Tuesday, December 13, 2011

Shizuoka Prefecture Goes to New York with Green Tea, Again, to Educate US Consumers about Safety

This time, Heita Kawakatsu, the Oxford-grad governor of Shizuoka Prefecture, is using young Shizuoka people to push his radioactive tea to New Yorkers instead of going there himself.

From Yomiuri Shinbun (12/13/2011):


Wanting to completely dispel the baseless rumors after the Fukushima I Nuke Plant accident, representatives from Shizuoka Prefecture, the largest producer of "ara-cha" (bulk tea) in Japan, served "fukamushi-cha" [tea made by steaming the leaves longer) at a Japanese confectionery store in the center of New York City on December 12 as part of the PR event to appeal safety.


After the nuclear accident, some of the teas produced in Shizuoka were found with radioactive cesium exceeding the provisional safety limit set by the national government. However, the event was to educate [the US] consumers that there would be no effect on health if they drank teas that were being sold in the marketplace.


Arianna Solomon, 17-year-old high school student, enjoyed the Shizuoka tea. "My grandmother drinks Japanese tea every day. I like it too."

"Some" Shizuoka teas were indeed found with radioactive materials exceeding the Japanese provisional safety limit (500 becquerels/kg). What the newspaper fails to mention is that radioactive cesium was found in almost all the Shizuoka teas tested.

The US peacetime limit for radioactive cesium in water and drinks is 3.0 picocuries, or 0.1 becquerel/liter. The same for food is 170 becquerels/kg.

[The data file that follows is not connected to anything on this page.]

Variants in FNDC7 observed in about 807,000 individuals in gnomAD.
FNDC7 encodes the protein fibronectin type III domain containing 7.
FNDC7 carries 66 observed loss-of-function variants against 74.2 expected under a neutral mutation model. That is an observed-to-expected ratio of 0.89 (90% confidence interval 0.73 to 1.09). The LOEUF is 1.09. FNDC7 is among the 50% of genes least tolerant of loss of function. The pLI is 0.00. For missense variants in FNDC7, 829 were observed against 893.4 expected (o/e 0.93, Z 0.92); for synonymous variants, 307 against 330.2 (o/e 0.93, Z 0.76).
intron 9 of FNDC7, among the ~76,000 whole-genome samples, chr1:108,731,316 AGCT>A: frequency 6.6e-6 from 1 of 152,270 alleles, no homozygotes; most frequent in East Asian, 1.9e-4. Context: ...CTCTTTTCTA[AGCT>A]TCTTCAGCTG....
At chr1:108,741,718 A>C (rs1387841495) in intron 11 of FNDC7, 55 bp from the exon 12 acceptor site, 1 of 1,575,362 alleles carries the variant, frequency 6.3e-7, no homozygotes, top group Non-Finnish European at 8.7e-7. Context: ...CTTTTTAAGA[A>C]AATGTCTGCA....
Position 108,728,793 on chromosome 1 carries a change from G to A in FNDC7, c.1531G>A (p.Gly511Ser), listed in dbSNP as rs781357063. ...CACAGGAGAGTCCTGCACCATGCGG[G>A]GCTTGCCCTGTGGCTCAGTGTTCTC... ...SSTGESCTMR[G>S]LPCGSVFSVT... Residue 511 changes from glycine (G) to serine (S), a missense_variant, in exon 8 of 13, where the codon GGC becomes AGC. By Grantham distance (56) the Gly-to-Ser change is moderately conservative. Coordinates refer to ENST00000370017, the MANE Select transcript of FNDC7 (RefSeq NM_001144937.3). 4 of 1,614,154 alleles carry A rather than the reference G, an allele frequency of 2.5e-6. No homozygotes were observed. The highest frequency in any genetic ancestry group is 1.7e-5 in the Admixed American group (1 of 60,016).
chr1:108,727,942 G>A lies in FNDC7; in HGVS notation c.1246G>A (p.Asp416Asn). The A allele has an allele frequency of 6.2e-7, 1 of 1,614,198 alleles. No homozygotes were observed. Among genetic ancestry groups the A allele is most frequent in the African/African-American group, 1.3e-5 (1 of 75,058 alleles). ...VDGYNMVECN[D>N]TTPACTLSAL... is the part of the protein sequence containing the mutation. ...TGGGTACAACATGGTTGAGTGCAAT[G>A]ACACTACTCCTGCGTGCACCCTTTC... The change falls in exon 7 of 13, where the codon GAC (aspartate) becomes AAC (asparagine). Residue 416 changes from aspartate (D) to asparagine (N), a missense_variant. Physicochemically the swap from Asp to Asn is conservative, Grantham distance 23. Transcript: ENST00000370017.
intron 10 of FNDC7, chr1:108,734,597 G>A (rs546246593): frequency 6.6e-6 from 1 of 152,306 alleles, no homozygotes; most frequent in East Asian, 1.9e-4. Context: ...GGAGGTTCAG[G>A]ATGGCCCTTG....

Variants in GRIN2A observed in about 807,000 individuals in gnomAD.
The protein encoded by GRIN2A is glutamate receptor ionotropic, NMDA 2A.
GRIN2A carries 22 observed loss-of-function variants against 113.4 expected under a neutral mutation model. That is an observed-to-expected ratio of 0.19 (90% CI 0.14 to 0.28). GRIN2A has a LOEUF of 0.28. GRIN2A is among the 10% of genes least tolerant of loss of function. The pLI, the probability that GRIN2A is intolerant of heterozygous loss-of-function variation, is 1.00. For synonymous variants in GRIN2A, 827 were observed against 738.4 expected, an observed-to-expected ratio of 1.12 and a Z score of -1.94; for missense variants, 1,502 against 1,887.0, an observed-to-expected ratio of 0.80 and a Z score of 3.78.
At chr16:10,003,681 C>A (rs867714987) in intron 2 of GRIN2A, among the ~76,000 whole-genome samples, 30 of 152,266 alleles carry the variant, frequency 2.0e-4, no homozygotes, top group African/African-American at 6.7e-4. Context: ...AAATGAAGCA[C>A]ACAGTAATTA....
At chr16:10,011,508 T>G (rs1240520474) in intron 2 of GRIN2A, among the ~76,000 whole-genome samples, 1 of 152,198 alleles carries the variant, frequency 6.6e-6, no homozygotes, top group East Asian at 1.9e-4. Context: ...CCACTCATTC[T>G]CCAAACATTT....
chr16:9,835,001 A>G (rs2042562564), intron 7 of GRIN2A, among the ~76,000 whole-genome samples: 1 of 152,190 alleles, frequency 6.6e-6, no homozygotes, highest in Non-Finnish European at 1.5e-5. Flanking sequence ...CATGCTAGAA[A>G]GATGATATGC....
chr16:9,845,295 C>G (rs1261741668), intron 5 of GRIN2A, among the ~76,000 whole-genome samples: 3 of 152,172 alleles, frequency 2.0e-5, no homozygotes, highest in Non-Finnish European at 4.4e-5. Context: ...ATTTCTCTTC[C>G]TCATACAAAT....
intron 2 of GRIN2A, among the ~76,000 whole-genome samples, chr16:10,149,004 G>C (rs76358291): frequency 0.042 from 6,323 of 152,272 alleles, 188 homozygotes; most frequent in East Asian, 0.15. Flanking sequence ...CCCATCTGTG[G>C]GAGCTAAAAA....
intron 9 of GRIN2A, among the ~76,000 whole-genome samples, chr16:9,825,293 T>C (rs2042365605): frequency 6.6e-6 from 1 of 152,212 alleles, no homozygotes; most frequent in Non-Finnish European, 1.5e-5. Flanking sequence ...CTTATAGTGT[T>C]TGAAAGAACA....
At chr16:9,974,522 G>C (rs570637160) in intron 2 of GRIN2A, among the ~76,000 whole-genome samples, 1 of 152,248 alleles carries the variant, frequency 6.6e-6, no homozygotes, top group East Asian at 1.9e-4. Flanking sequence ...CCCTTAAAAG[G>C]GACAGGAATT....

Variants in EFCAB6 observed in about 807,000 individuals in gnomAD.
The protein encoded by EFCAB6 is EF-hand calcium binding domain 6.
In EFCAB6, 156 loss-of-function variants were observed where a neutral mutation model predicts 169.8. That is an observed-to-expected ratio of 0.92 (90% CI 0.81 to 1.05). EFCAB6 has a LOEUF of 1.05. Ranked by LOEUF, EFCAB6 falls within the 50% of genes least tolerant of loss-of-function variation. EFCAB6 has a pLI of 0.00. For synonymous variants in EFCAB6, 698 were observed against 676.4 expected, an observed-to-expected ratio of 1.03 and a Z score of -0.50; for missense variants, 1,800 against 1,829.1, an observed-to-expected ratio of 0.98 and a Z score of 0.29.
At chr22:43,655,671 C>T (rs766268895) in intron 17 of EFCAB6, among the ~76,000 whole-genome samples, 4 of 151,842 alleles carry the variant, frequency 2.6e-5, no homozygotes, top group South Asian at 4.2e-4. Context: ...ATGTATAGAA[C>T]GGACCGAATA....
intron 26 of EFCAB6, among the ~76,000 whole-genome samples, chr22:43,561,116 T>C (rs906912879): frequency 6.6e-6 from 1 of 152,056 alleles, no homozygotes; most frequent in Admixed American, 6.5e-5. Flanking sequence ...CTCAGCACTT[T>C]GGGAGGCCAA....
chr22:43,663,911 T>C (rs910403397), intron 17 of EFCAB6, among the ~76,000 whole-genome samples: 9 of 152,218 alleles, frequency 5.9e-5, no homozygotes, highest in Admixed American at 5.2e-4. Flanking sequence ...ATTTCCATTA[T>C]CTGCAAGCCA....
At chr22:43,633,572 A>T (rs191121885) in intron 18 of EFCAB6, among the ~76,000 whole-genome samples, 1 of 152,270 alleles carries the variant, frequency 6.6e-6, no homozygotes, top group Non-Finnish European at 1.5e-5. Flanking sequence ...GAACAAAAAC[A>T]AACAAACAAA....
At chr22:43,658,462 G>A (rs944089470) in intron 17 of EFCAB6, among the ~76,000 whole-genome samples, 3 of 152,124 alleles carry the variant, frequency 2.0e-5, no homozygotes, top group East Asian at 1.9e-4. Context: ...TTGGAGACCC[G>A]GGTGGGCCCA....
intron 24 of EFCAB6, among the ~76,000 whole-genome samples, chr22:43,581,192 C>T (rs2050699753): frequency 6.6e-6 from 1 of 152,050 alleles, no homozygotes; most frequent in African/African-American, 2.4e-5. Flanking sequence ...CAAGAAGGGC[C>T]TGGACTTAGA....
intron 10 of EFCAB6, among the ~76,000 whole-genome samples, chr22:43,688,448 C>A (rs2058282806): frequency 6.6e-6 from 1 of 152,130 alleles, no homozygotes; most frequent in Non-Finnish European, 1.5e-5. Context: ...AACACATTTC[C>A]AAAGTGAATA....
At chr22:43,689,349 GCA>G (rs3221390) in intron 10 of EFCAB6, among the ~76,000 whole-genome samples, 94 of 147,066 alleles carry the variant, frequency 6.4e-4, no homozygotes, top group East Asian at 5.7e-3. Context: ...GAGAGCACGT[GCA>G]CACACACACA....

The US FDA has the Derived Intervension Level (DIL) which is 1200 becquerels/kg, and the level of concern at 370 becquerels/kg to govern the domestic food in interstate commerce and the imported food as a non-enforceable "recommendation". But this is NOT a nuclear emergency for the United States, in which the citizens would suffer without food and drinks if the government did not raise the limits for radioactive materials in food and drinks in interstate commerce or from import.

Scanning the official webpage of Shizuoka Prefecture where the results of tea testing are published, you'll notice that testing seems to have been one bag at one tea plantation in one city. We know how well the similar testing of rice in Fukushima Prefecture has turned out to be.

  • Number of teas that tested with radioactive cesium: all of 102 samples tested

  • Number of teas that tested between 100 and 370 becquerels/kg): 46

  • Number of teas that tested above the "level of concern"(370 becquerels/kg) in the US: 21

  • Number of teas that tested above the provisional safety limit of Japan: 7

  • Number of teas that tested above the DIL in the US: 0

Shizuoka's webpage has a limited number of tests on brewed tea, using 10 grams of dried tea leaves and brewing for 60 seconds with 430 milliliters of water at 90 degrees Celsius. The results are between 1.6 and 14 becquerels/kg of radioactive cesium in brewed tea.

I drink 3, 4 cups of green tea every day. That's about 500 milliliters per day. If I were drinking the Shizuoka tea that had 14 becquerels/kg of cesium after it was brewed, I would ingest 14 becquerels of radioactive cesium every two days. In one year, I would have 2555 becquerels of radioactive cesium total, more than half of which would be retained in the body, looking at the ICRP chart below (from ICRP Publication 111).

I think I'll stay away from teas grown in Shizuoka, or anywhere in Kanto region, but it's my personal decision based on the information that I have digested since March 11.


Anonymous said...

i use a liter of green tea each day for my enema treatment...can i get radiation from an enema? this is part of my treatment by doctor.